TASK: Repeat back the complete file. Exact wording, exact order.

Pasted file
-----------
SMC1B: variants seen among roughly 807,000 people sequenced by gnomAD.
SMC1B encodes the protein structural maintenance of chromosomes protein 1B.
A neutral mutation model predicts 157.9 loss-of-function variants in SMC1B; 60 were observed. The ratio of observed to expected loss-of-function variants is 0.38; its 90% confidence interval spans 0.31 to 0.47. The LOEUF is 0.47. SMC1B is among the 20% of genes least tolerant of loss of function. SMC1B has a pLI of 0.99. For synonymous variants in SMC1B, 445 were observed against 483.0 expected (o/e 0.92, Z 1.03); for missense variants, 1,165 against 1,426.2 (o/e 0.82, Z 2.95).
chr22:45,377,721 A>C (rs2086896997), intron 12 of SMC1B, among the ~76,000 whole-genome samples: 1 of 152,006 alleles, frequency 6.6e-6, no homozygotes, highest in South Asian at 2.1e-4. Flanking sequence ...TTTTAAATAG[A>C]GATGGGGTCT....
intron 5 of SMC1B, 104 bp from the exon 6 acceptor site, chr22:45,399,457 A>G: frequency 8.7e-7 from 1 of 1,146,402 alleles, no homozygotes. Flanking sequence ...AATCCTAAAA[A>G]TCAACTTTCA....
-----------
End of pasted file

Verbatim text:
SMC1B: variants seen among roughly 807,000 people sequenced by gnomAD.
SMC1B encodes the protein structural maintenance of chromosomes protein 1B.
A neutral mutation model predicts 157.9 loss-of-function variants in SMC1B; 60 were observed. The ratio of observed to expected loss-of-function variants is 0.38; its 90% confidence interval spans 0.31 to 0.47. The LOEUF is 0.47. SMC1B is among the 20% of genes least tolerant of loss of function. SMC1B has a pLI of 0.99. For synonymous variants in SMC1B, 445 were observed against 483.0 expected (o/e 0.92, Z 1.03); for missense variants, 1,165 against 1,426.2 (o/e 0.82, Z 2.95).
chr22:45,377,721 A>C (rs2086896997), intron 12 of SMC1B, among the ~76,000 whole-genome samples: 1 of 152,006 alleles, frequency 6.6e-6, no homozygotes, highest in South Asian at 2.1e-4. Flanking sequence ...TTTTAAATAG[A>C]GATGGGGTCT....
intron 5 of SMC1B, 104 bp from the exon 6 acceptor site, chr22:45,399,457 A>G: frequency 8.7e-7 from 1 of 1,146,402 alleles, no homozygotes. Flanking sequence ...AATCCTAAAA[A>G]TCAACTTTCA....